Climate Engineering, How It Changed My World


By Nancy Levant, contributing writer for

Soon I will be turning 60, and I cannot help but recall my mother’s words when she told me she felt as if she had outlived her understanding of how the world worked.  She was in her eighties when she explained this sadness, and I felt this must surely be a common feeling in eldership, and I felt deeply sorry for her.  Little did I know that I would feel much the same at sixty.

I grew up in a time when kids left the house at 8:00 a.m. and stayed outside all day minus the run-ins for lunch and dinner.  We rode bikes everywhere and miles and miles from home.  We went trekking through miles and miles of woods and tried to get lost so that we could make our ways back with tremendous pride in our outdoor skills.  We made creek rafts out of sticks and leaves, climbed every climbable tree, and we made forts out of deer thickets and snow.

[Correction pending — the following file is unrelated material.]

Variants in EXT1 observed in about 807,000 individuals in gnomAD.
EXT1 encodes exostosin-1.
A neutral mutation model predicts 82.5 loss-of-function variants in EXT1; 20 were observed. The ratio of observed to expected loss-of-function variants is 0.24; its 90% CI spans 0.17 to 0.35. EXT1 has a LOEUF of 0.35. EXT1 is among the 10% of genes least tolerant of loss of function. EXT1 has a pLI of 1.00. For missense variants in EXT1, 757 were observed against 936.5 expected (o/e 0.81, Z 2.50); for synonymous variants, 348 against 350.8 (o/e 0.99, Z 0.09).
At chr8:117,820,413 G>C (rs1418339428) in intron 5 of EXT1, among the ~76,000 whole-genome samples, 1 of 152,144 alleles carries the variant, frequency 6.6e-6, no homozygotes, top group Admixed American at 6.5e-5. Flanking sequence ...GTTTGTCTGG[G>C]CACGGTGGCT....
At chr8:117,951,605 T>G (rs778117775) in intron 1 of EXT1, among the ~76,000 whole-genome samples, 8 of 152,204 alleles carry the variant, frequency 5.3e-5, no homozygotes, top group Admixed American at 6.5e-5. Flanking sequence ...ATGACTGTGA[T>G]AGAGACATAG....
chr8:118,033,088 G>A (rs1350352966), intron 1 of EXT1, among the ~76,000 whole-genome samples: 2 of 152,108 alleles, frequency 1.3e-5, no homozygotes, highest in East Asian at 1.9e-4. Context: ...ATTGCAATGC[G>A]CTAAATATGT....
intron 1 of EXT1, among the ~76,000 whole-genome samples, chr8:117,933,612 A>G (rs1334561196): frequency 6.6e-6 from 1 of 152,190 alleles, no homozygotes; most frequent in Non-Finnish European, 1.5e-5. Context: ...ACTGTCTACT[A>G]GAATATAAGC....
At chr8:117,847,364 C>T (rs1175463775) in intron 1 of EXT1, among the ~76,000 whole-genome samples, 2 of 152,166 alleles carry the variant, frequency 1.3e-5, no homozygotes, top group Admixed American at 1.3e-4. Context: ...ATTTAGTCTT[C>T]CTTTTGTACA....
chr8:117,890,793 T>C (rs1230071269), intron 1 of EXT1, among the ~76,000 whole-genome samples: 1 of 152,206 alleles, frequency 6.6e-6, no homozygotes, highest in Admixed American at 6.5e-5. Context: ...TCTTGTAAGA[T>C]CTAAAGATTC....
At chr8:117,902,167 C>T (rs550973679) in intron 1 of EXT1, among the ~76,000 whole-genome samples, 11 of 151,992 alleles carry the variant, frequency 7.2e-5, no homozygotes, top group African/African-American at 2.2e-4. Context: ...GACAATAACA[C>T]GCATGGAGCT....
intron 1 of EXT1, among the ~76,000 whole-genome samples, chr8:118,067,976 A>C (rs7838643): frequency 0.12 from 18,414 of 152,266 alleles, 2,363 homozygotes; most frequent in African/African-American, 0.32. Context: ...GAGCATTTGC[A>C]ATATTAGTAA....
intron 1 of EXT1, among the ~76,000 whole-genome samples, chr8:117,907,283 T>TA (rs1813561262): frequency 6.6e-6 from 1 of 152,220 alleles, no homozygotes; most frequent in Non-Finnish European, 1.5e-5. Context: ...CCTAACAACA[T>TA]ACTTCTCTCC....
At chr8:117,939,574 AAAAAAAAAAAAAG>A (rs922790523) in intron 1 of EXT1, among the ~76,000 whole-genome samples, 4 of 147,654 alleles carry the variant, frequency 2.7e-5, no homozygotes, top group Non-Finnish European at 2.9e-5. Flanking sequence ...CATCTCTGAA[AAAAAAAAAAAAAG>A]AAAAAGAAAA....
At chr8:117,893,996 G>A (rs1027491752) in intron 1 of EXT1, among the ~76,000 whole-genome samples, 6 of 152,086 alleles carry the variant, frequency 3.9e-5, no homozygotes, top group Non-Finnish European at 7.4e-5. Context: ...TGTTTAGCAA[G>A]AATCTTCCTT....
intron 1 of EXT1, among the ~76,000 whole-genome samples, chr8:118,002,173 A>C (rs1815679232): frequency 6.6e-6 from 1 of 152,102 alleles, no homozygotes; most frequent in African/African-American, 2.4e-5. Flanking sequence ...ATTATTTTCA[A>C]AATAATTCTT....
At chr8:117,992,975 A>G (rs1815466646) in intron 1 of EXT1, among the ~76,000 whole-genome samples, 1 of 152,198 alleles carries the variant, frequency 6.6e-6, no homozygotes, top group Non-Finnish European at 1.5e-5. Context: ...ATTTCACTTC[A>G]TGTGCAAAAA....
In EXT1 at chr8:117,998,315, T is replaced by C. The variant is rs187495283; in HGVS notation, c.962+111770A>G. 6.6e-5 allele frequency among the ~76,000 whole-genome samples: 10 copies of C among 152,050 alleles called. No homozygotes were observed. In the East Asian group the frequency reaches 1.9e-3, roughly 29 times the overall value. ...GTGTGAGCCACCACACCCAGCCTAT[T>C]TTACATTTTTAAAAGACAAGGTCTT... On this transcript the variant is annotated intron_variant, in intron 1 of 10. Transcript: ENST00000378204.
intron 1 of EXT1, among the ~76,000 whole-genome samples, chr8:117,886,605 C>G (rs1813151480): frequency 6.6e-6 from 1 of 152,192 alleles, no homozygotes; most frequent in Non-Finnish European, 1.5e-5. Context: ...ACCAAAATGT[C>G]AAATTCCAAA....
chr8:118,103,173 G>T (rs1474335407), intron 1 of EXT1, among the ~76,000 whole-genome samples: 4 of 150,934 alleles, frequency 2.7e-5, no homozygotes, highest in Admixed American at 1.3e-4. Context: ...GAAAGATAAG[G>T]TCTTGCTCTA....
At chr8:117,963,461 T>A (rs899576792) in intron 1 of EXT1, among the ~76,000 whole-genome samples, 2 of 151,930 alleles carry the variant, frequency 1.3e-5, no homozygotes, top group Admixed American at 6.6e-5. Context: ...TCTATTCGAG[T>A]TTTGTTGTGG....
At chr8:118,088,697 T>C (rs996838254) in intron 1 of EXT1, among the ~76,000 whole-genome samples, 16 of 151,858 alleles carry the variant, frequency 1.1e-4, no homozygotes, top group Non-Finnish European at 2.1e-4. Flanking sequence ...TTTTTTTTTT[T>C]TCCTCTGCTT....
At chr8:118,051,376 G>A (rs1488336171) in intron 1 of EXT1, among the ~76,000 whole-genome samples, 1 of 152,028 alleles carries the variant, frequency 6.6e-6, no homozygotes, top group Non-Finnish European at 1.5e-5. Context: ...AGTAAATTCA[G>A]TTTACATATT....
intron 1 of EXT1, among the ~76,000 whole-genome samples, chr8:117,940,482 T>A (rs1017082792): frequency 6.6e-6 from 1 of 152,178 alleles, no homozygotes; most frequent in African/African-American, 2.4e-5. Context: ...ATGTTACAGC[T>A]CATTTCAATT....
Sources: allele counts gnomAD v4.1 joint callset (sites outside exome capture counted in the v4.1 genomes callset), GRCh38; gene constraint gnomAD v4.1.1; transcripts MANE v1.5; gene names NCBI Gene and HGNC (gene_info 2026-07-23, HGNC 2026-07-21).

We lived for the storm systems to roll in and ran with careless abandon beneath thunder and lightning and relished in every snowfall that had us dragging sleds up gigantic hills over and over and over again. We were never too wet or too cold.  We were outdoor kids.  We loved mud, heat, bugs, frogs and toads, and we knew every critter in the woods.  We knew the names of most trees, shrubs and flowers because our parents knew them, and we could name most insects and birds.

I never had my own phone, computer or TV set.  I had a bicycle and friends who only and ever wanted to be outside.  To stay home and watch TV meant punishment. To talk on a telephone was boring.  To be outside was heaven, and I can still smell every season in my memories, remember visionary skies of my youth, the terrible annoyance of and fascination with insects, and the utter joy of the mass bird migrations during the Fall season; so many birds that from horizon to horizon the ground would turn dark beneath millions of birds in flight.  And when they would land to rest and feed, the noise!  Trees would come alive with such loud vocalizations that you couldn’t hear your friends sitting next to you.  Every telephone wire for as far as the eye could see was covered with birds; every rooftop, every puddle alive with migratory critters, and this teaming of life brought everyone out of their houses to take it all in.  Everyone used to enjoy the fall migrations, everyone, because it was part of the beauty and meaning of autumn.